Making Peace with the Difficult Start to Your Marriage
By: Anne Dahlhauser
“Now a man of the tribe of Levi married a Levite woman, and she became pregnant and gave birth to a son. When she saw that he was a fine child, she hid him for three months... When the child grew older, she took him to Pharaoh’s daughter and he became her son. She named him Moses, saying, ‘I drew him out of the water.’” - Exodus 1-2, 10
"So how did you guys meet?"
"How long did you date?"
"What was your wedding like?"
All good questions. All terrible questions. All good reasons for me to shovel extra food in my mouth and avoid a response.
Truth is, Jay and I never had the typical beginning. We were both raised in a strict religious community that controlled those first steps of our relationship. Ours was not a healthy beginning of getting to know one another, falling in love, and choosing to commit to each other. Rather, it was stressful attempts to please certain people and to follow the community’s rules and traditions while somehow preparing for a life together.
For years after leaving that group, I struggled with having not had a healthier beginning to our marriage. I grieved having been robbed of so many formational experiences of starting a life with Jay. Lately, as our older children are in high school, I am reminded often of the dysfunction in those years of my life and in the next seasons of engagement and marriage; while there were parts of it that I cherish, much of it I would not want my children to have to live through.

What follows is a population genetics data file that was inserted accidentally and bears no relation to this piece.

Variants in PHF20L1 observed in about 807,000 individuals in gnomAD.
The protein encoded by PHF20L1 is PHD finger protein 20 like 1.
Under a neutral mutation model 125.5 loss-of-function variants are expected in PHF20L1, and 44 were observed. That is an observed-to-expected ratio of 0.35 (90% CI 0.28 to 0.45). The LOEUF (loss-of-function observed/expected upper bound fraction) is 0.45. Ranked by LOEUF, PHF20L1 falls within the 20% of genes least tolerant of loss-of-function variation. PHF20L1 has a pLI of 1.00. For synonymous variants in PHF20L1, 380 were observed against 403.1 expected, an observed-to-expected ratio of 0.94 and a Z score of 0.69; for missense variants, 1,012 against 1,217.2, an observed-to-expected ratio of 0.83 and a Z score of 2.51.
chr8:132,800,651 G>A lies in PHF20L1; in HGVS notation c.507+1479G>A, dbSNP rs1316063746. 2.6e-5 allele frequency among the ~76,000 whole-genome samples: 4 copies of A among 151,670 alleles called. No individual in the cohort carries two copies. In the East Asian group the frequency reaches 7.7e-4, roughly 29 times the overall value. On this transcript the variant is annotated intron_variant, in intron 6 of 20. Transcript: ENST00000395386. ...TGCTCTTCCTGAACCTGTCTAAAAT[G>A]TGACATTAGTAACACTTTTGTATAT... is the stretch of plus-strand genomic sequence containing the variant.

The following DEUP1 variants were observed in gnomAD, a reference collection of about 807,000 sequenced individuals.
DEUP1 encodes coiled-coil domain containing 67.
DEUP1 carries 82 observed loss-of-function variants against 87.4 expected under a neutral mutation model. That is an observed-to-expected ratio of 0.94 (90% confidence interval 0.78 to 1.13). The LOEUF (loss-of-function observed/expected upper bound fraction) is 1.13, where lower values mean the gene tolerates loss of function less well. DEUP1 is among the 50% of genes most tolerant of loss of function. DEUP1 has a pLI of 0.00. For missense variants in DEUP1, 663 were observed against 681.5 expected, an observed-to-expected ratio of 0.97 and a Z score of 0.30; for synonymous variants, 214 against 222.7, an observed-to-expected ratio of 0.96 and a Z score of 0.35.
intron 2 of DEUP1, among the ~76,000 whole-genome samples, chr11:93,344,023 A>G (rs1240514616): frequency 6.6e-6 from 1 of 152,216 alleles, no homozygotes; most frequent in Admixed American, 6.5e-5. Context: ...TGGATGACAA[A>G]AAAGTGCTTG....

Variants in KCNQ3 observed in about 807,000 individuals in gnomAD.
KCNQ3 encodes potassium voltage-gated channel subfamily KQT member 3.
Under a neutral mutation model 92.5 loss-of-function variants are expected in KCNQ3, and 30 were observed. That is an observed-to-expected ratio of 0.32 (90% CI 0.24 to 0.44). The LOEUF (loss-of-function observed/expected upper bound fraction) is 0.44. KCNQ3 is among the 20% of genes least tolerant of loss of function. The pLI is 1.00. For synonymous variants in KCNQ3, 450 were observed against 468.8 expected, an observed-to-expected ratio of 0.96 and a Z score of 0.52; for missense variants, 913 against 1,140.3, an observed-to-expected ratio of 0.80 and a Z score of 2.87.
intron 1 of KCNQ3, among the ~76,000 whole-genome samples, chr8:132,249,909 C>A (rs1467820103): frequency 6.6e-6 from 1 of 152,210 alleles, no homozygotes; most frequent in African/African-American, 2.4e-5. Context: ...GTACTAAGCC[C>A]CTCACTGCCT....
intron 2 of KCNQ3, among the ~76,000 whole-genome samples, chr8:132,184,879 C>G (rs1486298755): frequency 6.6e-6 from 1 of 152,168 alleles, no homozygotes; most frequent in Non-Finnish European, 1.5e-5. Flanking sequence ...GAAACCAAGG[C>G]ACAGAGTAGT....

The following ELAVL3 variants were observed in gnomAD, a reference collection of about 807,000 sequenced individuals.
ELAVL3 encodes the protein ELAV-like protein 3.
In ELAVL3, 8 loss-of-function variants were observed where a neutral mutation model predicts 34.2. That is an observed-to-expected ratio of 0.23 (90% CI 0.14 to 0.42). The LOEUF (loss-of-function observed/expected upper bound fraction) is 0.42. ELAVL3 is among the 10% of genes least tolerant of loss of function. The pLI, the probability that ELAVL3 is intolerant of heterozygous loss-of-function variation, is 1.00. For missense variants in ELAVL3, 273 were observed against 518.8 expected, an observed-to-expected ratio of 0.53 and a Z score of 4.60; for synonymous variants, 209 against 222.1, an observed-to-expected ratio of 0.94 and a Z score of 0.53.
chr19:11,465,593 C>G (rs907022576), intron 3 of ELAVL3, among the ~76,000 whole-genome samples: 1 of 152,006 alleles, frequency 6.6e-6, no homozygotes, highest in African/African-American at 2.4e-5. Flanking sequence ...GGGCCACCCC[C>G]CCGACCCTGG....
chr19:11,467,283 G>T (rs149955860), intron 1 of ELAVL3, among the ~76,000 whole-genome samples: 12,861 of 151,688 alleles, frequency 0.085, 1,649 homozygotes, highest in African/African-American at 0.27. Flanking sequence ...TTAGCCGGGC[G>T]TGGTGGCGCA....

As I look back, I take comfort in the Bible characters who had a rather unhealthy or dysfunctional beginning but eventually experienced much goodness because of God’s faithfulness. In particular, I love the story of Moses. In these verses in Exodus, we see how the birth of Moses was anything but safe and warm and typical.
To begin, the midwives, Shiphrah and Puah, feared God and chose to let him live, in direct disobedience the king’s orders (Exodus 1:15-19). Then, within three months, Moses’ mother realized she could not continue hiding her son and for reasons difficult for us to understand, made him a basket and laid him among the reeds on the bank of the Nile river.
How she must have grieved this loss, the slipping away of what should’ve been in a healthy, ideal world. How she must have longed for the murderous heart of the king to change, for safety to be restored for her son, for life to be functional and right and all she’d hoped for in mothering a new baby.
But our beginnings do not define our journey.
Princesses can be in the right place at the right time.
Babies can be drawn up from the waters and go on to lead people to God’s destiny.
Moses can be found among the reeds of messy, difficult beginnings.
Beautiful marriages can be molded from dysfunctional circumstances.
Stable couples can develop from situations of great instability.
And true love can be pulled from unlikely places, even riverbanks and religious groups.
So don’t reject your unlikely beginnings. Grieve them well, acknowledge the loss, and then trust that God will draw up divine meaning from those first chapters of your marriage story.
Through it, not despite it, He will bring life and purpose.
Anne Dahlhauser lives in rural Iowa on a quaint farm with her husband, five kids, and various animals. She holds an MA in Teaching Languages (TESOL and Spanish) and is a lover of words, culture, and communication. Most days you can find her teaching Spanish in her classroom, vacuuming up dog hair at home, or shuttling her kids between countless school activities - or trying to hide from it all with a good book in her tiny bedroom window seat.
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